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About This Collection

This collection of items explores the diverse skill of Ancient Egyptian glass craftsmen. The oldest evidence of glass from Egypt dates to the the reign of Tuthmois III, 18th Dynasty, New Kingdom period. Glass was a material used in high-status items and because of its rarity may help Egyptologists trace the interactions between Ancient Egypt and neighboring empires. In Egypt, evidence of raw glass production is found with palace complexes, such as Amarna, which is where many items in this collection are from.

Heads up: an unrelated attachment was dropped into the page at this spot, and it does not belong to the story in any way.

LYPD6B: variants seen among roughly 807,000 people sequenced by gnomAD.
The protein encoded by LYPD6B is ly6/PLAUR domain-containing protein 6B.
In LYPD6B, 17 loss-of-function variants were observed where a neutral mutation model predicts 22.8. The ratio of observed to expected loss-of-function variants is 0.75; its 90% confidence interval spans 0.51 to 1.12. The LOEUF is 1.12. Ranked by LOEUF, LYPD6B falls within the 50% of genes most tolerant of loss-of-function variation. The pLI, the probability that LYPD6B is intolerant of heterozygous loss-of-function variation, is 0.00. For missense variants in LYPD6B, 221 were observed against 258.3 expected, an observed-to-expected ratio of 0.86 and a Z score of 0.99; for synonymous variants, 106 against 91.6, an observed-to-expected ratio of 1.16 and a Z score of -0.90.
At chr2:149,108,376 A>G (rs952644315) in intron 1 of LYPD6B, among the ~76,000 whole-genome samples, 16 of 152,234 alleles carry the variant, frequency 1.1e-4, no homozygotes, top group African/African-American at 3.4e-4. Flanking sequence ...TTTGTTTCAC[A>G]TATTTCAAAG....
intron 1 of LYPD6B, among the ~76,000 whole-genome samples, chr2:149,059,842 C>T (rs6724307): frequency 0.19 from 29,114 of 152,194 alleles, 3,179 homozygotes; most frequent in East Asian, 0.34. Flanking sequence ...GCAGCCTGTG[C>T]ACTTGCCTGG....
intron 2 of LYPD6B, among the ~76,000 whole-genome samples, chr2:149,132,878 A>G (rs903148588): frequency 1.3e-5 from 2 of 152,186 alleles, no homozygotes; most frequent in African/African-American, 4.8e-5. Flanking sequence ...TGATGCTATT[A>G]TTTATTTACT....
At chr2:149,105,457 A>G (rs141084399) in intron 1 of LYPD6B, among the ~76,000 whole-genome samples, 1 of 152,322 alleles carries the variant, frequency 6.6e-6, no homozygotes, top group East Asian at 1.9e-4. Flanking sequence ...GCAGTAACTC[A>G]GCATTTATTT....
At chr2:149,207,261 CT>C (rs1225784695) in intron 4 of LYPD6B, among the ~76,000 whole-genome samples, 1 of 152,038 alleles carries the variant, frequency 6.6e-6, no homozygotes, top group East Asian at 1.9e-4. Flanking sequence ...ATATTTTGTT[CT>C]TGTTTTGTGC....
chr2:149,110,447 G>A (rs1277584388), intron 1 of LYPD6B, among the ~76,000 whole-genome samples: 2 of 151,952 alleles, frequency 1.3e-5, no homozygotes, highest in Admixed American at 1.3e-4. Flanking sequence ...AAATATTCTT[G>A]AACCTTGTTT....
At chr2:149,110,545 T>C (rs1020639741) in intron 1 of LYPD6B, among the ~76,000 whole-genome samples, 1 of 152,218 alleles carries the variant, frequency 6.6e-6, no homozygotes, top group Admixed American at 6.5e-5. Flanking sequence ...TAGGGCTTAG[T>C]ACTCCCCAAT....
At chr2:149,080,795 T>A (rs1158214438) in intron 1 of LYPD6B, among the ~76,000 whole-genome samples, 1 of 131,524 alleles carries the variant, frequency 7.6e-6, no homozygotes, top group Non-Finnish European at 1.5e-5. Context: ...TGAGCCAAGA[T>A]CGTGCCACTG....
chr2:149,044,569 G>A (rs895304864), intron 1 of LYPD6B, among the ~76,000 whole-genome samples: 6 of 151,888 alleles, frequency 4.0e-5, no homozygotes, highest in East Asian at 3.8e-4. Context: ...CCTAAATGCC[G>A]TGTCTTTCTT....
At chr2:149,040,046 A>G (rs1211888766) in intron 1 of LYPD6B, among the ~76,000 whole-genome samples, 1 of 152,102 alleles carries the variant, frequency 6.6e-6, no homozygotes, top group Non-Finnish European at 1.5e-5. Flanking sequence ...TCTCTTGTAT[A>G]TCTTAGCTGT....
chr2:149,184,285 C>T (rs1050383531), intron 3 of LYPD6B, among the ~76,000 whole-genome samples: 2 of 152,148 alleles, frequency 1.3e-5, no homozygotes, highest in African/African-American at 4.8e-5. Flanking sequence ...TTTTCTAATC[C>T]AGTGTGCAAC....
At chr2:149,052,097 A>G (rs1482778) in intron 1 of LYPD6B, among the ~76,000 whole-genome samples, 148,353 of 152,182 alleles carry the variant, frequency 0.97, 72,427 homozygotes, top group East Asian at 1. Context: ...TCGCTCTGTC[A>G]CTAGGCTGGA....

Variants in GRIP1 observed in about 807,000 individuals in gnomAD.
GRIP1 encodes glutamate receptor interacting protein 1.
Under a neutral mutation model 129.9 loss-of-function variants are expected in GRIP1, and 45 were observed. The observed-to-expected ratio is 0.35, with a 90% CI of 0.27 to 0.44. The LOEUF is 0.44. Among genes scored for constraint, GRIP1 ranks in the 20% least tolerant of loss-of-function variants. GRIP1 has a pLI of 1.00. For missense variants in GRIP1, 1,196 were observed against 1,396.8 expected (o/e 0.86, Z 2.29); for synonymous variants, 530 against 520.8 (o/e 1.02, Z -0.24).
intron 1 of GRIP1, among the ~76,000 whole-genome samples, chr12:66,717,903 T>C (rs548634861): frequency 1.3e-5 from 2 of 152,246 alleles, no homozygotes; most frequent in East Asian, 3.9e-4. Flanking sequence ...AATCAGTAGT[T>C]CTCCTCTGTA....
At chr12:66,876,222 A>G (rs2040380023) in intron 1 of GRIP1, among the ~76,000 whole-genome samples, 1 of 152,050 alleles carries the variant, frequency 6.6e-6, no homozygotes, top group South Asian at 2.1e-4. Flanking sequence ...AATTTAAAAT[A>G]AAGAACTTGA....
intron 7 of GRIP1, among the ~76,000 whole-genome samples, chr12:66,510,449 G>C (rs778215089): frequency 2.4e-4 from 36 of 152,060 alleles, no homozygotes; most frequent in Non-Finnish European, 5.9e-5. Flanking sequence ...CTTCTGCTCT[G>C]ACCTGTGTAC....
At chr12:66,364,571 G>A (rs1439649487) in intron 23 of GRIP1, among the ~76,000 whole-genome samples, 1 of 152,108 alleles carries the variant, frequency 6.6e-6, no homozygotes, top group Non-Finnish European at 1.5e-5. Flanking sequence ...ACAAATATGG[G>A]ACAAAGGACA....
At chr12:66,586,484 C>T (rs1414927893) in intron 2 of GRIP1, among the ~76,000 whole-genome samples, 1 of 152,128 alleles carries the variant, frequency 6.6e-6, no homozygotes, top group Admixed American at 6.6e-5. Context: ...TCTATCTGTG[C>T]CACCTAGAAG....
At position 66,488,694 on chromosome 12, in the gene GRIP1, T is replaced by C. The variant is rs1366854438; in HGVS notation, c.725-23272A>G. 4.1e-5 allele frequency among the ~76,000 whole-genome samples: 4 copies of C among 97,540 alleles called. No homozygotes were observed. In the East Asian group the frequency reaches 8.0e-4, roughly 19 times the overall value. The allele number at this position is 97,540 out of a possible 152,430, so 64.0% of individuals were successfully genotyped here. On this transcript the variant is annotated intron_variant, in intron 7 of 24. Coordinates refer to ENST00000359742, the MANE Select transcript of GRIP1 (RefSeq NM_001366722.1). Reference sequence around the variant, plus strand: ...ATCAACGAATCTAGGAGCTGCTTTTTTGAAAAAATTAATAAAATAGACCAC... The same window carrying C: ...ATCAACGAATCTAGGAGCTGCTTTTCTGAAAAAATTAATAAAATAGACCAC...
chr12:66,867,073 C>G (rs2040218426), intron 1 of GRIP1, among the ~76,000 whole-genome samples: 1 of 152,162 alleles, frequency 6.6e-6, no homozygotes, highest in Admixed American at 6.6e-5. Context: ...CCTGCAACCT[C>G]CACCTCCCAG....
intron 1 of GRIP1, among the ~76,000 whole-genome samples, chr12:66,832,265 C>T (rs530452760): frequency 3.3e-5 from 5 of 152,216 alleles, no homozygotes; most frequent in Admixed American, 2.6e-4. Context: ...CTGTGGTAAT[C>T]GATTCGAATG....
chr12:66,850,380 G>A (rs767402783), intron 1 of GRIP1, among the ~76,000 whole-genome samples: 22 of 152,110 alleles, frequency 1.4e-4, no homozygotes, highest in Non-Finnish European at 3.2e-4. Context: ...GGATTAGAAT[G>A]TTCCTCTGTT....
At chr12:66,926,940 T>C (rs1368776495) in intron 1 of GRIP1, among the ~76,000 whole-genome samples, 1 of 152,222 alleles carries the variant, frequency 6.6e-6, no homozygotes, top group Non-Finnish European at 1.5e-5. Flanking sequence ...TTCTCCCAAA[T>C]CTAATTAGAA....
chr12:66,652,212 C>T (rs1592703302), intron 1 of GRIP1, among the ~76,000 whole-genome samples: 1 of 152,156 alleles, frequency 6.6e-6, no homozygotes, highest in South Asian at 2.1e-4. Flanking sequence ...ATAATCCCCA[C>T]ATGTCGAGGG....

Egyptian faience and lapis lazuli can be confused for glass. The examples in this collection work to show the difference between Egyptian faience, a non-clay ceramic made from heating crushed quartz and lapis lazuli, a precious stone. Both are usually blue or blue-green and appear to have the same luster as glass, especially when compared in photographs. It is thought faience was glazed a blue or blue-green color to substitute for lapis lazuli or turquoise. This goal to imitate precious stones may be why early glass also took at the same appearance as faience and lapis lazuli. This collection and exhibit is curated by Alexandra Erichson, a Public History graduate student at American University. To learn more about her projects, see ponderingpublichistory.wordpress.com.